Should kids be allowed to take mixed martial arts training? That’s the question Nate Wilcox asks at Bloody Elbow.
The first thing to note is that they couldn’t fight as if they’re miniature UFC combatants. As much as I’d dispute the “human cockfighting” stereotypes that have tarnished the sport one can’t avoid the fact that its contestants’ ultimate goal is to pulverise whoever they’re facing to the point where they’re unable to continue or inflict such pain on them that they’re forced to submit. For obvious reasons these aren’t things you’d want a kid to be doing or, more importantly, be having done to them. Competitive fighting, then, isn’t on the cards.
It’d have to be a limited, specialised form of mixed martial arts: one that focused on the different elements of the sport until its students reached such physically and cerebral maturity that they could bring it all together. And, of course, the sensitivity of young brains and young bones would mean that appropriate headgear would have to be used if and when striking was involved, as well as great care with any type of throw or hold. There would still be injuries, of course, and journalists would seize on them like prospectors on golden nuggets, but I doubt they’d be extraordinary in scale. What pursuit has lead to 27,000 serious injuries among America’s youth? Something frenetic and violent? Boxing? Fencing? Rodeo? It’s actually gymnastics.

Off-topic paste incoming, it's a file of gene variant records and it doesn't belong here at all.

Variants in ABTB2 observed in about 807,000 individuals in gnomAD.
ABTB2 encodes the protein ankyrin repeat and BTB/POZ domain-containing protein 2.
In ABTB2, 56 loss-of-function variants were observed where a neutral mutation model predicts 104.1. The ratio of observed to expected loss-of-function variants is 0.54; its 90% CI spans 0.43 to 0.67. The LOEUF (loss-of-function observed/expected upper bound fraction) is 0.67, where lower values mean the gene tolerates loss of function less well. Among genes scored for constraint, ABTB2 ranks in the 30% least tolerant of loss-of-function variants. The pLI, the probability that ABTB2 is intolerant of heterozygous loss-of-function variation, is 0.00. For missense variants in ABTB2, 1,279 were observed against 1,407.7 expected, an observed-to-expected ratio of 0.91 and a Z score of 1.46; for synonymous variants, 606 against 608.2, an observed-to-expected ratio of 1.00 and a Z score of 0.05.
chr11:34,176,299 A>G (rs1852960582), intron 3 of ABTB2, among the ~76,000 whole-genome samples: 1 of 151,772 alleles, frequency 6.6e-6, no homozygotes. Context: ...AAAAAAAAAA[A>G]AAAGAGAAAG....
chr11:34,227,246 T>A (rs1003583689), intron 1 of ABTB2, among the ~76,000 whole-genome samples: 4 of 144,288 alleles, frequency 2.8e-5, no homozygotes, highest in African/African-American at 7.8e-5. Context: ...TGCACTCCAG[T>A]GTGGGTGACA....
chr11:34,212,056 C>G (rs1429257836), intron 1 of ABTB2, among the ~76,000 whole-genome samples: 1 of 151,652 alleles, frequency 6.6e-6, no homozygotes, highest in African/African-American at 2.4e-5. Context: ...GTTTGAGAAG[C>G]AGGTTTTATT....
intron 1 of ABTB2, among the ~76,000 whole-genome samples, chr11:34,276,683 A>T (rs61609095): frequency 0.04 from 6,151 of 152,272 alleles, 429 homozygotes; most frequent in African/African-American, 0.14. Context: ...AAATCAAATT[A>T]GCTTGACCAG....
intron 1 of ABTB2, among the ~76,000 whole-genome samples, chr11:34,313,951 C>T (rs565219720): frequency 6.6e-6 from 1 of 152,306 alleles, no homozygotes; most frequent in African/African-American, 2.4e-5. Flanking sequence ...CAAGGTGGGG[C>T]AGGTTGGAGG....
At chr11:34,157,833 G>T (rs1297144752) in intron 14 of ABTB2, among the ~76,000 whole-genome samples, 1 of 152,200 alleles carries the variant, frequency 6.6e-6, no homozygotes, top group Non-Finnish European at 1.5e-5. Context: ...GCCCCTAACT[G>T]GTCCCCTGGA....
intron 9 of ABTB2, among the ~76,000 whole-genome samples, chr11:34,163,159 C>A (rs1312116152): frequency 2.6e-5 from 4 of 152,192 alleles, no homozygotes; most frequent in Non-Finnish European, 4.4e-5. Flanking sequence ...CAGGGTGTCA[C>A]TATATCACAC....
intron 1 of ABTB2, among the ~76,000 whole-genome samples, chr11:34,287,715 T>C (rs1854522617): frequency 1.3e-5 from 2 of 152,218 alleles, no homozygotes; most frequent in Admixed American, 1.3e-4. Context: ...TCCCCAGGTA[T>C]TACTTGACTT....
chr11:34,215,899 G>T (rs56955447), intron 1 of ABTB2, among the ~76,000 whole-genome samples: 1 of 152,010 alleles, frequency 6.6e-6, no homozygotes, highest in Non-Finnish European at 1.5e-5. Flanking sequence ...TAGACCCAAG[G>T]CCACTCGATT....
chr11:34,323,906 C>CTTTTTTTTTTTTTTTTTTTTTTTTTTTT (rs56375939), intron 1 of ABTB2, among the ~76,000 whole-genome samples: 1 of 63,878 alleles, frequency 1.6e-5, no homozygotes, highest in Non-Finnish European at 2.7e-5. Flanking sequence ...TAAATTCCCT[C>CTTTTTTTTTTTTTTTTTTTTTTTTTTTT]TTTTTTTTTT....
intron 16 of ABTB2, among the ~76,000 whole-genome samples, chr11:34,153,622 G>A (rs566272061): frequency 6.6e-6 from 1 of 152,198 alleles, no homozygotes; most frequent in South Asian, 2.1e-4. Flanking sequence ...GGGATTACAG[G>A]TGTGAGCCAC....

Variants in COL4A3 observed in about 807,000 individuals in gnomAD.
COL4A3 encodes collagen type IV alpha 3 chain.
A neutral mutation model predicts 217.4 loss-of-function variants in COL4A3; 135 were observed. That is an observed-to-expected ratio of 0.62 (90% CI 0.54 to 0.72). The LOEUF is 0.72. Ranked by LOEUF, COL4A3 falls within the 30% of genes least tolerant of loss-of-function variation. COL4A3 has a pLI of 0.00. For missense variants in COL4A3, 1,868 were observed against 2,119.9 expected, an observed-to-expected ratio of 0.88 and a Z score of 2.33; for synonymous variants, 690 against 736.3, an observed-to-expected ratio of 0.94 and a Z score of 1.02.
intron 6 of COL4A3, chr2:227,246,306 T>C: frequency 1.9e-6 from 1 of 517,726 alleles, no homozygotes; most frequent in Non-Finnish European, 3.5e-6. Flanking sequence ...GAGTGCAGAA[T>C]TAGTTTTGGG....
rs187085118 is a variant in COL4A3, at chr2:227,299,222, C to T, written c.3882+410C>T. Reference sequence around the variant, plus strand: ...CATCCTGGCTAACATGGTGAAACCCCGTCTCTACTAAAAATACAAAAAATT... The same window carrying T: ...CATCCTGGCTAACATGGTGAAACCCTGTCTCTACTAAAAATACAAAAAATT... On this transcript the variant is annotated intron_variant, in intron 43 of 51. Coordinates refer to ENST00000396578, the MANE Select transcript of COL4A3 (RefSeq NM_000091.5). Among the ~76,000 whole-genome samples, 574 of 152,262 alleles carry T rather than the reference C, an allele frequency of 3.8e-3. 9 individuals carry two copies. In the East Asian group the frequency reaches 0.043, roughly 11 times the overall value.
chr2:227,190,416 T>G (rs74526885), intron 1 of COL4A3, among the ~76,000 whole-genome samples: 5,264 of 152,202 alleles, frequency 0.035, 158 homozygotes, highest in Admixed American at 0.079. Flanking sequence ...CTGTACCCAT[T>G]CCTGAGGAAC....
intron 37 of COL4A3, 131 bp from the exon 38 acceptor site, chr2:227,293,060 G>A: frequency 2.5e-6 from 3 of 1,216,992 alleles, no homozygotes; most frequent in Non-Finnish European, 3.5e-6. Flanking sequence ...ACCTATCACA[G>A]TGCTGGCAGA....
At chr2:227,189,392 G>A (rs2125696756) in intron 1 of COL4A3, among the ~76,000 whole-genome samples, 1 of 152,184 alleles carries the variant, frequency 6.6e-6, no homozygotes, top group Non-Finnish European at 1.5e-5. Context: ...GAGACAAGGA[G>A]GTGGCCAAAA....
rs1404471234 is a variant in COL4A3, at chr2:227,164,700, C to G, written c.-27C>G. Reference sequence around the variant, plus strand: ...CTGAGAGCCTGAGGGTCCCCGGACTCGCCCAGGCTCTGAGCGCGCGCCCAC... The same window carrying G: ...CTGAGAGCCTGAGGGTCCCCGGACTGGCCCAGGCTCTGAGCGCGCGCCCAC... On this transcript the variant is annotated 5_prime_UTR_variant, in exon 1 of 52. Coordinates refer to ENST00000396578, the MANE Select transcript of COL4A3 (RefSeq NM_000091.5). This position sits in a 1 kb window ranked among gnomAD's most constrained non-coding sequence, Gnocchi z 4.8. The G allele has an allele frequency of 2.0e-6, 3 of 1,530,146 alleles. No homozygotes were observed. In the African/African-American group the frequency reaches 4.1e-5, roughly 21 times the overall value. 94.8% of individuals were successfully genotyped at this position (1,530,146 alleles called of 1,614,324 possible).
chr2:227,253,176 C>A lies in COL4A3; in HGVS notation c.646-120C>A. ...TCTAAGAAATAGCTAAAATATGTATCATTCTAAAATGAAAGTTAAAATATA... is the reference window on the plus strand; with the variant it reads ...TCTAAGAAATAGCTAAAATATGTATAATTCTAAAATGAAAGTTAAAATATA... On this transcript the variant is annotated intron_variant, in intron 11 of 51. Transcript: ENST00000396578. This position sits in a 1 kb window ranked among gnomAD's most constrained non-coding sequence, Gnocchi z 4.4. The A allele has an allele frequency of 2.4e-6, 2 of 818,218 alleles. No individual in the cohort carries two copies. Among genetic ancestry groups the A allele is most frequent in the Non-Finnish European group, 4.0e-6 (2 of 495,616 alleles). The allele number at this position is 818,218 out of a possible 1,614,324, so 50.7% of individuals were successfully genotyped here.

A more abstract question, though, is why children would feel inclined to take up the sport. Mixed martial arts, for all the skill involved, has always been driven by the urge to see who’s the toughest fighter walking – the “baddest man on the planet”. This is not the healthiest of aspirations for a child – and it’s perhaps the unhealthiest ambition that a parent can have for their child. There are great values associated with it, too – dedication, self-sacrifice, restraint, endurance – but if it’s going to be a worthwhile activity these might have to be promoted as a coherent ethic to obstruct the meathead tendency. There’s a reason you don’t hear of people karate kicking eachother in the streets.